Then there was the music. Wasn't that really what this thing was all about, or was it only the lure to get these people to drop the price of a computer for the trip? Was that even an issue? It didn't seem to be for the people ponying up the bucks.

We get spoiled in Austin, where even during traditionally "slow" periods (December-January), it's still possible to go out and see at least one worthwhile bit of live music a night; just last week saw Beck, Reverend Horton Heat, the Flatlanders, Daniel Johnston, Half Japanese, and Eugene Chadbourne all grace local stages. If one has the necessary means, out on a boat in the middle of the Gulf is as good a way to see Stephen Bruton or Joe Ely as waiting for them to come to Omaha or East Lansing. If cruisers get a chance to spend their hard-earned dinero bolstering the local economies of scenic Caribbean ports of call, then so much the better, right?

Sure, except that in the brief time I spent off the boat in Cozumel and Roatan, I saw plenty of people who would, if asked, probably choose another method of putting food on their table rather than catering to tourists. Maybe next year, Delbert and friends can hold a benefit show to help send the little girls who braided my hair to college. Those impressions lingered long after my other symptoms mercifully subsided.

If it sounds like I wouldn't recommend a Sandy Beaches vacation to my friends, it's a moot point. My friends live in Austin and can see Marcia Ball pretty much whenever they want, plus they tend to worry more about rent than exotic boat trips. But I'd be lying if I said I didn't enjoy myself. As vacations go, it was certainly relaxing, although I chose to relax in a different way than most of the others. I read Phillip Kerr's Berlin Noir by the pool, rejuvenating my flu-weakened muscles with sporadic trips to one of two Jacuzzis.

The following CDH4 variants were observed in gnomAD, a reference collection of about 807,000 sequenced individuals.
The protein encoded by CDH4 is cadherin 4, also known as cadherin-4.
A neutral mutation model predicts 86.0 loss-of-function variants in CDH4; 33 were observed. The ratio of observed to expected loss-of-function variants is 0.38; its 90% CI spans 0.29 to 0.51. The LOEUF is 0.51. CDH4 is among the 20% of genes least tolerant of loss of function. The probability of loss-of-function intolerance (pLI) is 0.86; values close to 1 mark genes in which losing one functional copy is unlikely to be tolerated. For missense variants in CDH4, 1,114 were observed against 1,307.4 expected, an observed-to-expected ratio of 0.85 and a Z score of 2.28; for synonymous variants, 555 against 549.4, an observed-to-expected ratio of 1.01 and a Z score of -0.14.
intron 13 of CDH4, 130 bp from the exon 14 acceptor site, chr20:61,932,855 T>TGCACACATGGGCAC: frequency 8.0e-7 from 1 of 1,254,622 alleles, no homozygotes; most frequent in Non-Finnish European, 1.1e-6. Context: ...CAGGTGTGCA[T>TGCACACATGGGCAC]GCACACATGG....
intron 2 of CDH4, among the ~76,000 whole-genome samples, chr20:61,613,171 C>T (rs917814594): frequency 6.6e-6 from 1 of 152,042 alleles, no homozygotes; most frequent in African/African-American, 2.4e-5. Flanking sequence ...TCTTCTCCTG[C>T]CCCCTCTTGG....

Most everyone else, when not napping poolside after one margarita too many, relaxed in one of the shipboard lounges watching someone perform. In Austin, that's something I do six nights a week. And, lest I forget, I was supposed to be there in a professional capacity, sizing up Sandy Beaches for our eminent publication, without which I would never be in a position to do stories like this in the first place.

Hoping to find some kind of angle to get a story (the idea of writing about being sick first surfaced as a joke), I ostensibly kept one reporter's eye attuned to my surroundings, while lacking the energy to do anything more strenuous than crossword puzzles. But after plenty of rest and breathing the salty tropical air, I did begin to feel better. Good enough to tap my feet to Wayne Toups, sway my hips to Tommy Castro, and take some lousy pictures of Sonny Landreth.

Ironically, as the Norwegian Sea hit a rough patch of weather on the way back to Houston Friday evening, scores of green-complected people hit their cabin heads while I finished my dinner for the first time all week. It was lobster. Suddenly, I felt like Matt Damon in The Talented Mr. Ripley: not part of a world where people can afford to do this sort of thing, but immersed in it nonetheless. Only where Damon's character aspires to be part of this world, I don't. I come into contact with it now and again as a writer, but I belong at the Hole in the Wall's Rock & Roll Free for All on Sunday nights.

I'll tell you one thing, though. Put Britney Spears, Beck, Snoop Dogg, and the Black Crowes on a slow boat to Jamaica, and I'll sign up to "cover" that sucker in a second. end story